Report: U.S. to Establish First Diplomatic Presence in Iran Since 1979

The United States in the next month will announce plans to establish a diplomatic presence in Tehran for the first time in 30 years, a British newspaper said on Thursday.

"The Guardian has learned that an announcement will be made in the next month to establish a U.S. interests section in Tehran, a halfway house to setting up a full embassy," the paper's Washington correspondent, Ewan MacAskill, said in its front-page, unsourced report.

Click here to read the Guardian's story.

"The move will see U.S. diplomats stationed in the country."

But senior U.S. diplomat Undersecretary of State William Burns said in testimony to Congress last week the United States has not cemented its decision.

The Guardian said the development was "a remarkable turnaround in policy by President George Bush, who has pursued a hawkish approach to Iran throughout his time in office."

In a break with past policy, the Bush administration is sending Burns to observe talks in Switzerland with Iranian nuclear negotiator Saeed Jalili.

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The move aims to underline America's resolve to peacefully prevent Iran from developing nuclear arms while exploiting perceived splits in the regime's hardline Islamic government.

"What this does show is how serious we are when we say that we want to try to solve this diplomatically," White House press secretary Dana Perino told reporters on Wednesday, a day after Bush signed off on dispatching Burns to the Geneva talks this weekend.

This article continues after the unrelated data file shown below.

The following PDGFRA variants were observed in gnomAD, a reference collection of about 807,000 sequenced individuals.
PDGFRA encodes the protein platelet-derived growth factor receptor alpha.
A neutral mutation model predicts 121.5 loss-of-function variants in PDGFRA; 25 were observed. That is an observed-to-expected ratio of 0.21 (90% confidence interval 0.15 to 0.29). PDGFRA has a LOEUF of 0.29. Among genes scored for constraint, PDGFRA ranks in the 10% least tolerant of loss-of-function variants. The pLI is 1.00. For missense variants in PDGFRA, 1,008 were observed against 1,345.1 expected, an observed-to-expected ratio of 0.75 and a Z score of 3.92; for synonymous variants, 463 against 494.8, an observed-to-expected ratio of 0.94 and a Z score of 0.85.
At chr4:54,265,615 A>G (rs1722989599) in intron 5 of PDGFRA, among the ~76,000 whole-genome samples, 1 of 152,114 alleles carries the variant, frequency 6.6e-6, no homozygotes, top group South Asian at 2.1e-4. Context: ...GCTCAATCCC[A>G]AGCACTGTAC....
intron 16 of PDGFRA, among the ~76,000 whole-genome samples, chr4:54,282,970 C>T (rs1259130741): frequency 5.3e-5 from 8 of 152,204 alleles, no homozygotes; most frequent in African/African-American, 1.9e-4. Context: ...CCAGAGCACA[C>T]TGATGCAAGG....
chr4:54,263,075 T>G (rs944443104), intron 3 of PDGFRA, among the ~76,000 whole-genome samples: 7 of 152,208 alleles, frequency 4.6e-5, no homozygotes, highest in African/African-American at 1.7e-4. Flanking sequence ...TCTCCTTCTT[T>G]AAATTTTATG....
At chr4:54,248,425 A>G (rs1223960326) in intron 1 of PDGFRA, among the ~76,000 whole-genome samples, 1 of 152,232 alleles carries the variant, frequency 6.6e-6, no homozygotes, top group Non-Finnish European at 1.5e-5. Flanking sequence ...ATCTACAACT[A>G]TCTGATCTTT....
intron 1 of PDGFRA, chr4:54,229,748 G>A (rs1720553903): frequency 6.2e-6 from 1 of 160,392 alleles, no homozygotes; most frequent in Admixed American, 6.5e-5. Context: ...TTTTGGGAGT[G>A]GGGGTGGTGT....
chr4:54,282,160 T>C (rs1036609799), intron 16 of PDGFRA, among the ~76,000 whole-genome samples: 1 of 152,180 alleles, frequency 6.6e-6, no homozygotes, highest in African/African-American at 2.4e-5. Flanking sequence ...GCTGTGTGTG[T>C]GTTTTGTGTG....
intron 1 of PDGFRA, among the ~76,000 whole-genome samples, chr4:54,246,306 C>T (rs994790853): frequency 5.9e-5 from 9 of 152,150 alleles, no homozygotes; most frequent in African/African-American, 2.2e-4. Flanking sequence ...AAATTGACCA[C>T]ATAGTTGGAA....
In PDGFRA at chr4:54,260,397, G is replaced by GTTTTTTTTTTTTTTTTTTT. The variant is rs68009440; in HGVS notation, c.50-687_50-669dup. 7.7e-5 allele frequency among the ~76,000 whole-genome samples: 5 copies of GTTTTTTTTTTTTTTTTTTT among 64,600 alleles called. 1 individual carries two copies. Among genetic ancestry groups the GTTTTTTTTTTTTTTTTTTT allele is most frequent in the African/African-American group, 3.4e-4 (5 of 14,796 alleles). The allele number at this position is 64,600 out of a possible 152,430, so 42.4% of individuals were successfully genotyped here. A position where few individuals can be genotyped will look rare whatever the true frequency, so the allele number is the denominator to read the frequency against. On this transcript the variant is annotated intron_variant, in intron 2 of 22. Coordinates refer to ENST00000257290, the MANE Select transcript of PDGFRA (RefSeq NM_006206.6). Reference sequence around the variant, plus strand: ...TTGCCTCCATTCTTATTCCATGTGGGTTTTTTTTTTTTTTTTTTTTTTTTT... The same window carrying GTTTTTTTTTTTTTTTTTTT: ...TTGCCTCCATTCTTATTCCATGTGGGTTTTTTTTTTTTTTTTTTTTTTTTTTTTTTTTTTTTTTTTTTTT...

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Iran says its nuclear work is for peaceful power generation and not for the development of nuclear weapons as the West suspects, and it has rejected conditions it give up uranium enrichment.

At the meeting being led by European Union foreign policy chief Javier Solana, Jalili is expected to give Iran's definitive answer to incentives offered to Tehran last month by the United States and five other nations in exchange for its suspension of activities that can produce the ingredients needed for a bomb.

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The United States cut off diplomatic ties with Tehran during the 1979-1981 hostage crisis, in which a group of militant Iranian students held 52 U.S. diplomats hostage at the American embassy for 444 days.

On Sunday, President Mahmoud Ahmadinejad suggested Iran would consider any proposal by the United States for a U.S. interests section in the Islamic Republic, should one be forthcoming.

U.S. media have reported the State Department is considering opening an interests section that could mean U.S. diplomats returning to Tehran but operating under another country's flag.

Iran maintains an interests section at the embassy of Pakistan in Washington. Iranian Foreign Minister Manouchehr Mottaki said it serves the large Iranian community in the United States.